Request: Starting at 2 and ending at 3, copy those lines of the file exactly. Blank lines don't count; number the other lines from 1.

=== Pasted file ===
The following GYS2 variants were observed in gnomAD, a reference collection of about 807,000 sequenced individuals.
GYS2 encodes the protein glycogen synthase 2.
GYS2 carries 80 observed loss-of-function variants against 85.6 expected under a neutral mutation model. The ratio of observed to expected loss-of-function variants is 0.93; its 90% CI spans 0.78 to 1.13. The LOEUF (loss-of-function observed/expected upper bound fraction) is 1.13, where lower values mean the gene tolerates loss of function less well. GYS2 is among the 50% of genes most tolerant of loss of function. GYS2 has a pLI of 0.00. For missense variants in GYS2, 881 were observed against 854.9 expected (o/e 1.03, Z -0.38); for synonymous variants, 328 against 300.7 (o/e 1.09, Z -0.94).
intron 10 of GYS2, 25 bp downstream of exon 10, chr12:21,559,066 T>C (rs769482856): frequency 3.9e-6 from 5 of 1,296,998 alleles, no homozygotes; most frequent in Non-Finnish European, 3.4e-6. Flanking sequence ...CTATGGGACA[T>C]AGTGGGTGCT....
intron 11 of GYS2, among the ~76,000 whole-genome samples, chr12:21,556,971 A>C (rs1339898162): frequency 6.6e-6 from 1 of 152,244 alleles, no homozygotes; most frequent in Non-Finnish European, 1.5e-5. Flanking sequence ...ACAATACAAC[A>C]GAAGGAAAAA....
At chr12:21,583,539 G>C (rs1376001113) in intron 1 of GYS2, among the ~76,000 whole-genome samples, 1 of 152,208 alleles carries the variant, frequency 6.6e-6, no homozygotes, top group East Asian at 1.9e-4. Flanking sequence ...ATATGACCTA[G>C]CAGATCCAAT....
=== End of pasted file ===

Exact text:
GYS2 encodes the protein glycogen synthase 2.
GYS2 carries 80 observed loss-of-function variants against 85.6 expected under a neutral mutation model. The ratio of observed to expected loss-of-function variants is 0.93; its 90% CI spans 0.78 to 1.13. The LOEUF (loss-of-function observed/expected upper bound fraction) is 1.13, where lower values mean the gene tolerates loss of function less well. GYS2 is among the 50% of genes most tolerant of loss of function. GYS2 has a pLI of 0.00. For missense variants in GYS2, 881 were observed against 854.9 expected (o/e 1.03, Z -0.38); for synonymous variants, 328 against 300.7 (o/e 1.09, Z -0.94).